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When the Rich Make Too Much: Is it Time for a Maximum Wage?

One of the world's most honored public intellectuals, writing in a premiere policy journal, is calling for limits on income and fortunes.
 
 
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Can our contemporary world be saved from the problems that ail us, from climate change and oil dependency, from AIDS and religious extremism, from poverty and inequality? Foreign Policy, the world's most prestigious global affairs journal, is tackling this weighty question head on, in a new issue that asks 21 of our earth's most thoughtful observers to suggest the "one solution that would make the world a better place."

That "one solution," suggests Howard Gardner, the Harvard-based psychologist whose widely acclaimed books on human intelligence have been translated into 26 languages, ought to be a cap on the income and wealth that any one individual can accumulate.

The United States needs an income cap, Gardner posits in the new Foreign Policy, that limits the amount of money a single individual can annually take home to no more than "100 times as much money as the average worker in a society earns in a year."

"If the average worker makes $40,000," Gardner proposes, "the top compensated individual may keep $4 million a year."

Gardner's Foreign Policy contribution also advocates a cap on wealth, proposing that "no individual should be allowed to accumulate an estate more than 50 times the allowed annual income."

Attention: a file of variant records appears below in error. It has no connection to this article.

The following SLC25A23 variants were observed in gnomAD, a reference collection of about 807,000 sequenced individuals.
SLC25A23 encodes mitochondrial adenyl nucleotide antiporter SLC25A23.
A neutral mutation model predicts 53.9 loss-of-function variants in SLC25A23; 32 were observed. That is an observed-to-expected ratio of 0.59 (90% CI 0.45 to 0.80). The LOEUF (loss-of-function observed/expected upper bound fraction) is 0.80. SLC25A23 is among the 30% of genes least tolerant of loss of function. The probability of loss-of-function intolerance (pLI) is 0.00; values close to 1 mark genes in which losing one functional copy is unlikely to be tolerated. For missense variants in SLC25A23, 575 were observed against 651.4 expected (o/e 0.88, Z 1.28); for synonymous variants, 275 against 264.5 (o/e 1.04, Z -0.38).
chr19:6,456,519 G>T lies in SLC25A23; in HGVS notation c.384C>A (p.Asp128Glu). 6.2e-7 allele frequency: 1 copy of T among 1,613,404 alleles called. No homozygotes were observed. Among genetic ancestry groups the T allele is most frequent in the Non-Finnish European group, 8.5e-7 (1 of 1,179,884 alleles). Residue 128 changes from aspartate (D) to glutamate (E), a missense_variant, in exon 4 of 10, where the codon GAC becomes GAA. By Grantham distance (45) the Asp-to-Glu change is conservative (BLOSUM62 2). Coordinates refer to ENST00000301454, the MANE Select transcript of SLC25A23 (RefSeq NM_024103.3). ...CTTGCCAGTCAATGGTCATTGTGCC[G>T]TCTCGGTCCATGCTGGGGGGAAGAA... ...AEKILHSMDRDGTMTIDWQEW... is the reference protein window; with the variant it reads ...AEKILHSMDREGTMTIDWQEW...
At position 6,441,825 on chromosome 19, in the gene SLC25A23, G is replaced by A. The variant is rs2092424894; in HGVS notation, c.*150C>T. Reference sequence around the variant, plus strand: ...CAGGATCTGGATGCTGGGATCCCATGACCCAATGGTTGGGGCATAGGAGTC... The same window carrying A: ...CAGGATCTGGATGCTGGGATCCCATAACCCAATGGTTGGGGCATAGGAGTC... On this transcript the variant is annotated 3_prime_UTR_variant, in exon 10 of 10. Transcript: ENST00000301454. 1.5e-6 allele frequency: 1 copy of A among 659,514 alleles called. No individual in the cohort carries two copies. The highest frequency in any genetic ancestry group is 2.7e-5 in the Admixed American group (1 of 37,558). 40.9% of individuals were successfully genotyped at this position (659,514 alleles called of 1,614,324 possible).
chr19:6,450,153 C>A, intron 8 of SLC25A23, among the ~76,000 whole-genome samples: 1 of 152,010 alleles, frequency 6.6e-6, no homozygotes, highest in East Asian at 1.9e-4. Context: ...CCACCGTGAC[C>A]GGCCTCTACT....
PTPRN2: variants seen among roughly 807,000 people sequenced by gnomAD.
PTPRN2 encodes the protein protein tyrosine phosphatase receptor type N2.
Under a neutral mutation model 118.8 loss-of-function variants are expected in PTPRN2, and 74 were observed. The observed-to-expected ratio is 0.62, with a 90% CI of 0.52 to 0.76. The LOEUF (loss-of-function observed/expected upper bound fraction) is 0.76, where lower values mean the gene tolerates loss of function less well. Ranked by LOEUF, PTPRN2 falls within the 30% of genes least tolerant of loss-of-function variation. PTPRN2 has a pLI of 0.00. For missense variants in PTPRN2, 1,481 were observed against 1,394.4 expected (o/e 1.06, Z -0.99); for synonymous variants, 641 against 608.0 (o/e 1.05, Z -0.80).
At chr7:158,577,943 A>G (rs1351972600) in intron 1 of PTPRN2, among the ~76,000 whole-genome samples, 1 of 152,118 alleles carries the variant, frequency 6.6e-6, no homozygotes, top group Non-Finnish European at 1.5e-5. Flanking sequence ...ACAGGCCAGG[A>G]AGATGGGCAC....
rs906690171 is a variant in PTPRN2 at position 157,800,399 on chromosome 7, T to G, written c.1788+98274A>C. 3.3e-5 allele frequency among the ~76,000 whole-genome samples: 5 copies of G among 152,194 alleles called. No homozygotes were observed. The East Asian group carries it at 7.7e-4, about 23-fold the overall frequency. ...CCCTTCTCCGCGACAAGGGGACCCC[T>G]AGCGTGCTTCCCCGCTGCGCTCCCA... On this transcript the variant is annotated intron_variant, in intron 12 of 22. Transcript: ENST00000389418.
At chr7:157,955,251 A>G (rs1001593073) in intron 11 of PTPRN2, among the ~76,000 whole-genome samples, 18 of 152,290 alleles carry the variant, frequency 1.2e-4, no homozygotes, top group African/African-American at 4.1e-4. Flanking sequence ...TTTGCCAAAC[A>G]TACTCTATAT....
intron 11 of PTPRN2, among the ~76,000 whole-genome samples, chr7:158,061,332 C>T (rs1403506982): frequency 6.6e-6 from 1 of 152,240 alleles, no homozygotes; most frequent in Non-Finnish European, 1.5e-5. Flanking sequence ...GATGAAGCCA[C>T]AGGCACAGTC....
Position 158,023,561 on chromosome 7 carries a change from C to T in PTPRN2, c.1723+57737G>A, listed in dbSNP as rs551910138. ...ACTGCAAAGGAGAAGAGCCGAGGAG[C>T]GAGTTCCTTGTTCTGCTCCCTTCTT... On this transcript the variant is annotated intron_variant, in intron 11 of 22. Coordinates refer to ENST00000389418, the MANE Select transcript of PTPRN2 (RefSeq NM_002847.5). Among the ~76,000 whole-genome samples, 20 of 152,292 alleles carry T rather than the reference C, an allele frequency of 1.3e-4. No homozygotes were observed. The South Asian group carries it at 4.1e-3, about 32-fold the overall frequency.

If that allowed annual income were $4 million, then Gardner's proposal would allow no one, at death, to bequest a fortune greater than $200 million. Any individual wealth above that would have to "be contributed to charity or donated to the government."

What's driving Gardner, a psychologist, to an economic prescription?

"Most people in the United States cannot even envision a society that doesn't revolve around an untrammeled market," Gardner writes, noting the "widespread assumption," particularly among today's young people, "that the most accurate measure of success is how much money you have accumulated, indeed that general merit can best be gauged by one's net worth." These assumptions, says the Harvard psychologist, have nurtured a society where accumulation "has gone way too far," where a "hedge fund manager can take home a sum reminiscent of the gross national product of a small country."

A cap on income and riches, Gardner adds, would raise billions, even trillions, "to begin to solve the problems about which others are writing in this collection of solutions to save the world."

Attacks on Gardner's proposal are already emerging. One nationally syndicated critique -- from foundation president Clifford May -- labeled Gardner's antidote to inequality " preposterous." Gardner's Foreign Policy piece anticipates that sort of outraged reaction.

"To those who would scream 'foul' to such limits on personal wealth," Gardner notes, "I would remind them that just 50 years ago, this proposal would have seemed reasonable, even generous."

Sums up the Harvard scholar: "Our standards of 'enough' have become irrationally greedy. Were these proposals enacted, I predict that they would be accepted with amazing speed, and individuals would wonder why they had not always been in effect."

Sam Pizzigati is the editor of the online weekly Too Much, and an associate fellow at the Institute for Policy Studies.

 
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